Effort testing – Worth the effort? (Part 1 of 3)

Every neuropsychological assessment should include a test of effort?

Dr Fraser Morrison, Clinical Director, Alba Psychology

Part one

The purpose of a neuropsychological assessment is to assess the level of cognitive functioning in an individual, ordinarily within the context of identifying a neuropsychological deficit. A neuropsychological assessment can comprise of a number of assessment methods including clinical judgement, feedback from significant others and cognitive testing (Hebben & Milberg, 2002). The assessment process is used with the assumption that it will improve the understanding of an individual’s neuropsychological functioning and offer an explanation for the observed deficit and behavioural presentation of brain dysfunction (British Psychological Society, 2009).


Within the context of a Personal Injury Claim, neuropsychological assessments are used ordinarily in cases that involve brain injury, possibly as a result of an incident such as Road Traffic Accident. Other cases involving potential negligence such as medical procedures or industrial accidents that have led to cognitive impairment can also necessitate the use of a neuropsychological assessment.


As is the case with any assessment, it is crucial that the process is based on valid and relevant pieces of information. In the context of cognitive testing a basic assumption of testing principles is that an individual will attempt to perform at their best level, or with maximum effort. If they do not then it would categorise an assessment as an inaccurate measure of cognitive abilities. In the case of cognitive testing, one assumes that test scores will reflect test performance, which in turn offers an accurate reflection of neuropsychological domains of functioning. If, for whatever reason, performance in cognitive testing is deemed to be an inaccurate reflection of actual neuropsychological functioning then the assessment process is worthless. Thus the accuracy of test performance must be examined to ensure this is reflective of actual neuropsychological functioning.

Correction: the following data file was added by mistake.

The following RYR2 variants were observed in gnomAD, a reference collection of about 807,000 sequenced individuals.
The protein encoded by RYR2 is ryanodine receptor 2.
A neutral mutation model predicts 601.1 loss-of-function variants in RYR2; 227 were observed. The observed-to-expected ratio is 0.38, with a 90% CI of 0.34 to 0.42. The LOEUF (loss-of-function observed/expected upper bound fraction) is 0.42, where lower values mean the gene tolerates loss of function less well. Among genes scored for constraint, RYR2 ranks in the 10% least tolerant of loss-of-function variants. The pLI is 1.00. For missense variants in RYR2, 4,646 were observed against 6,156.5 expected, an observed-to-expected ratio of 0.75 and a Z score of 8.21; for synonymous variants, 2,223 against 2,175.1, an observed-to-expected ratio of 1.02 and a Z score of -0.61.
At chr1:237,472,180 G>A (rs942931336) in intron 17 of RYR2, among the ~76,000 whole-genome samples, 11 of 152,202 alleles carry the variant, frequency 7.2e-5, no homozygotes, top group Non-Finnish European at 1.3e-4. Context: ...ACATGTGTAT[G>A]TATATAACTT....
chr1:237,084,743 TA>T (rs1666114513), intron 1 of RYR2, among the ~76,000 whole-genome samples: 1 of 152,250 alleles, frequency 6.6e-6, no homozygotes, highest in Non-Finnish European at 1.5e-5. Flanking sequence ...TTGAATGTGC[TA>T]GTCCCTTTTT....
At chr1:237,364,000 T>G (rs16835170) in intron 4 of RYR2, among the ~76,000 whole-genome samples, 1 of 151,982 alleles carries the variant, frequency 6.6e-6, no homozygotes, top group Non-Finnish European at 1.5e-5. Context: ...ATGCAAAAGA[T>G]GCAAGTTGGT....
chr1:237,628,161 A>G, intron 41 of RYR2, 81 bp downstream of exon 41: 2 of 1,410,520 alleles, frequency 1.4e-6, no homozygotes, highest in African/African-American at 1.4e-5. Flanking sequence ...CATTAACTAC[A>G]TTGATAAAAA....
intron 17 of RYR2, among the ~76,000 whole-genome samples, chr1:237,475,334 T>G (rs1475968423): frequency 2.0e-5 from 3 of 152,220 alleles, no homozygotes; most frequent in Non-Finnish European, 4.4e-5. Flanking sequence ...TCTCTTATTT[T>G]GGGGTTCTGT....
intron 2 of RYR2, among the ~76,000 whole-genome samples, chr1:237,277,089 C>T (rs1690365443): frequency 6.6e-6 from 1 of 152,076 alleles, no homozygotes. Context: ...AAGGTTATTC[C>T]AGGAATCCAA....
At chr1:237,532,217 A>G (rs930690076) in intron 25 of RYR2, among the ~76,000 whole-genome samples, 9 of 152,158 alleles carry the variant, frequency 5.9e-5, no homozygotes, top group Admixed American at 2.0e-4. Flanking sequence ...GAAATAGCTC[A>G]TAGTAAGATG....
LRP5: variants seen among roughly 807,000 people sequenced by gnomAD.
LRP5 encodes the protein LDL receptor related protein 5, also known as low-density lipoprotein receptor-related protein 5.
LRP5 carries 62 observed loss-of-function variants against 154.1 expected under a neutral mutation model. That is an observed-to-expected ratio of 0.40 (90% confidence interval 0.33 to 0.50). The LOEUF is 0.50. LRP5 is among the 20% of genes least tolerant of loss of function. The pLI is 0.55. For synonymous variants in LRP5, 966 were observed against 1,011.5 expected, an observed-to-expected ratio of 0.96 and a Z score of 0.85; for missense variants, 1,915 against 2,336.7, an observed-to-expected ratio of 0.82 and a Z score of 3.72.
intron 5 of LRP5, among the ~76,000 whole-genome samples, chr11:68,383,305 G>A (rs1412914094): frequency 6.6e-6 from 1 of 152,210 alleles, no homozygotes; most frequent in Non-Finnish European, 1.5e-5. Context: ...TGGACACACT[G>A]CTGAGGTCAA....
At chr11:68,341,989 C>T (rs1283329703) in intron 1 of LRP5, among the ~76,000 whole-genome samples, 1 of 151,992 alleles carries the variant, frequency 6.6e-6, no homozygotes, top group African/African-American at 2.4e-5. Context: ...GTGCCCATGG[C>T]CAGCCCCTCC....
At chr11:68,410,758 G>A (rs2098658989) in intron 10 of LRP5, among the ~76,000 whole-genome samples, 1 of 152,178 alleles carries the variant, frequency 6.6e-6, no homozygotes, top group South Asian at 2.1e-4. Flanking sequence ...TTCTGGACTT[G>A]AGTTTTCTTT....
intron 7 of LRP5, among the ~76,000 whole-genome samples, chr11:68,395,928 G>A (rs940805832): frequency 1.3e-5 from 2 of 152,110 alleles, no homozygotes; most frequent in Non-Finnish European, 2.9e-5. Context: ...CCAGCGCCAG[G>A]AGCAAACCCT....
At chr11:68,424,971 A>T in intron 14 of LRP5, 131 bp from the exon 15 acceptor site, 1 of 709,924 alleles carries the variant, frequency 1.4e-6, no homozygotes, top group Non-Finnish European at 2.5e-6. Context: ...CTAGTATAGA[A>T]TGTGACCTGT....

In order to determine whether neuropsychological test results are valid there must be evidence that clinical presentation during testing in consistent with an individual’s history. It is equally important that the observed pattern of results fit with a model of disease or neuropsychological disorder (Lezak et al., 2004). In examples where this is not the case it offers evidence that an individual may be performing at a level below their optimum performance and implies that the assessment process and test results have questionable validity.


Part two to follow next week……….